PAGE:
Skip to main content

by Ruth Margalit


Photograph of the Suffolk County Correctional Facility in Riverhead, New York, by Getty.

“I’ve always loved getting clean,” says Piper Chapman, at the beginning of the first episode of “Orange Is the New Black.” We see a montage of Chapman, a blond, WASPy wild child, taking a bath as a little girl, then as an adult showering with her lesbian lover and, later, soaking in a tub with her boyfriend. “I love baths. I love showers. It’s my happy place.” Then the camera cuts to her in prison, in Litchfield, New York, wearing improvised flip-flops beneath a measly drizzle of water. “Was my happy place,” she corrects herself.

Two episodes later, Piper is standing in line for the bathroom. “It’s all yours,” Sophia Burset, the prison’s transgender hairstylist, tells her. Piper really has to go, but there’s a hitch: the stall has no door. “That’s O.K. I think I’ll wait,” she says. Sophia sizes her up: “Give it a week. You’ll be pissing and farting with the rest of us.”

Harsh, right? But what if, instead of a lukewarm trickle, the water coming out of that shower were brown and smelled funky? What if the problem in the bathroom weren’t the lack of privacy but rather that, every time someone flushed, her waste would surface in the neighboring stall? Those are some of the more than ninety complaints filed by inmates at the Riverhead correctional facility in Suffolk County, New York, where “Orange Is the New Black” has filmed scenes for its second season.

The New York Civil Liberties Union, seizing on the show’s use of the Riverhead facility, launched a campaign called Humanity Is the New Black (or, sorry, #HumanityIstheNewBlack) to protest conditions at Riverhead and at Yaphank, another Suffolk County jail. “I think the NYCLU campaign is great,” Piper Kerman, whose memoir is the basis for the series, told me by e-mail. “Now that the second season has been launched, O.I.T.N.B. superfans know that there is a second season storyline about plumbing, disgustingly unsanitary conditions, and correctional corruption at Litchfield. So art does imitate life (and vice versa).”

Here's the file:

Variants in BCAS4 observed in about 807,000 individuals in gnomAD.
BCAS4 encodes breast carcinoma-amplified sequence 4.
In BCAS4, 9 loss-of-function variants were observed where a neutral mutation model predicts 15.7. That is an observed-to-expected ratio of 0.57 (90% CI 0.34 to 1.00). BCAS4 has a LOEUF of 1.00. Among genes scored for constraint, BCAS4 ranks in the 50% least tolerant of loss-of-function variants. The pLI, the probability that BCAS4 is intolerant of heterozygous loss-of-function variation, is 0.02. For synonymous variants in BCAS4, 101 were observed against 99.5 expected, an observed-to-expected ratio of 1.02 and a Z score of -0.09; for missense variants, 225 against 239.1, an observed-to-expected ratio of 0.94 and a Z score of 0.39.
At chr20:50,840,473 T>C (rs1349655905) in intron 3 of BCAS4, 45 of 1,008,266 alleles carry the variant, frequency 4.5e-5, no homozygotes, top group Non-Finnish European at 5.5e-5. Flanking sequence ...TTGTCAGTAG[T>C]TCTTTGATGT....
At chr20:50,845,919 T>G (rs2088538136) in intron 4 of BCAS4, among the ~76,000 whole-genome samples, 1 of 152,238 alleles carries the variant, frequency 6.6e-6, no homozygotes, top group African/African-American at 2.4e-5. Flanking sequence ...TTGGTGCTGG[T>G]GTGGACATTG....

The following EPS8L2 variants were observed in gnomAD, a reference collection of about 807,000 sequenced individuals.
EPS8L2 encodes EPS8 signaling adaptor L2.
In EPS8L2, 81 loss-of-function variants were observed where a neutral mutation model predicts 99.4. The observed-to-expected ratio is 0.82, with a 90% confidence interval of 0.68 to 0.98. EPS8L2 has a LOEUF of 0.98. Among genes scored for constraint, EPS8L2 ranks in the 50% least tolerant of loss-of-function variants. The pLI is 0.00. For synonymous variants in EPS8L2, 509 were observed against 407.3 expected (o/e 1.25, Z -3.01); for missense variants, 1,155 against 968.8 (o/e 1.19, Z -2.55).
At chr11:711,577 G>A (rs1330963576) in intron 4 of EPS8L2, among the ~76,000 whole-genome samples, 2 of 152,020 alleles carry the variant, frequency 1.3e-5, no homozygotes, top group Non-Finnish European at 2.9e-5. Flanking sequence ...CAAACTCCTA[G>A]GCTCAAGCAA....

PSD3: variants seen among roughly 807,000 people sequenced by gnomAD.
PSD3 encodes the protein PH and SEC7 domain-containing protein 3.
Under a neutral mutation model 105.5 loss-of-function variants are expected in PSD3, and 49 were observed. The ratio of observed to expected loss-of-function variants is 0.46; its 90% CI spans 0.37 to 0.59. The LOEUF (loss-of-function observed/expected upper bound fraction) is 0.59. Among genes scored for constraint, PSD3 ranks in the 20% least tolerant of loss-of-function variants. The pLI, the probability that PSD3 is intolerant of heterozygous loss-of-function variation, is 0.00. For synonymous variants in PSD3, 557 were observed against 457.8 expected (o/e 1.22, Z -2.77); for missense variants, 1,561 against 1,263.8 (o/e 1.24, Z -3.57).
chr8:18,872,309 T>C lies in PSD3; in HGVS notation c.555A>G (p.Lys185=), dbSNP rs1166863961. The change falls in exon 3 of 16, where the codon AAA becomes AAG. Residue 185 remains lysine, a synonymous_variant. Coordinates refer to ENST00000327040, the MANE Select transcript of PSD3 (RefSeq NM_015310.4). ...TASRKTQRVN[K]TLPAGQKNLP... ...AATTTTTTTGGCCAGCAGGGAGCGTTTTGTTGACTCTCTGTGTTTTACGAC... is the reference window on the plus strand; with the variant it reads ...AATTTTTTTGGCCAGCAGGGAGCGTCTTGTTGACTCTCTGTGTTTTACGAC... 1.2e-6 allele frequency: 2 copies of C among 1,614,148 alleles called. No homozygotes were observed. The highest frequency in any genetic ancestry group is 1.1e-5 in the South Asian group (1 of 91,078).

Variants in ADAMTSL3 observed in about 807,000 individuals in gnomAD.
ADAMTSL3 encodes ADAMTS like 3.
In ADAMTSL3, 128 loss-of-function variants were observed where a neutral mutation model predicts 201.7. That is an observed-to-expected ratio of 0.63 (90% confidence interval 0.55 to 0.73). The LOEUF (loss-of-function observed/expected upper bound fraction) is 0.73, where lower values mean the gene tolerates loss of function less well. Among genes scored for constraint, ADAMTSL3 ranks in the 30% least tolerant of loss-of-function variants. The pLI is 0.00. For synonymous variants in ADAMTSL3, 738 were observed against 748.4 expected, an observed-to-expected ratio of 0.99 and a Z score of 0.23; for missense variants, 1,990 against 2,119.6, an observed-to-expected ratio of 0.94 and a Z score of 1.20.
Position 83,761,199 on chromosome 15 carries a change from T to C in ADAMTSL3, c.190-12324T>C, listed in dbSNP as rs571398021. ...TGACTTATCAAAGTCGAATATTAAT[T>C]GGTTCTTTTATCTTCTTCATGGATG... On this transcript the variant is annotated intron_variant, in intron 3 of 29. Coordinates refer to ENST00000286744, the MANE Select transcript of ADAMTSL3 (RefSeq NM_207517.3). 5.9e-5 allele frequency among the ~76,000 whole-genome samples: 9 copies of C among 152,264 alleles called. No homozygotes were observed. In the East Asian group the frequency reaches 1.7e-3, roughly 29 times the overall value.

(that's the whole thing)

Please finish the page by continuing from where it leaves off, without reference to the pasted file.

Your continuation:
The Humanity Is the New Black campaign is the latest push by prison-reform advocates, joining a lawsuit filed by the N.Y.C.L.U. and the law firm Shearman & Sterling on behalf of Suffolk County inmates that has been stalled for more than two years. People housed in the Riverhead facility, according to the lawsuit, are forced to live with overflowing sewage and amid black mold, rust, and rodent infestations. “This is really unhealthy from top to bottom,” Corey Stoughton, an N.Y.C.L.U. staff attorney and a counsel on the case, told me. “You add up the daily task of living in that environment, and it’s just beyond what any human being should have to bear.”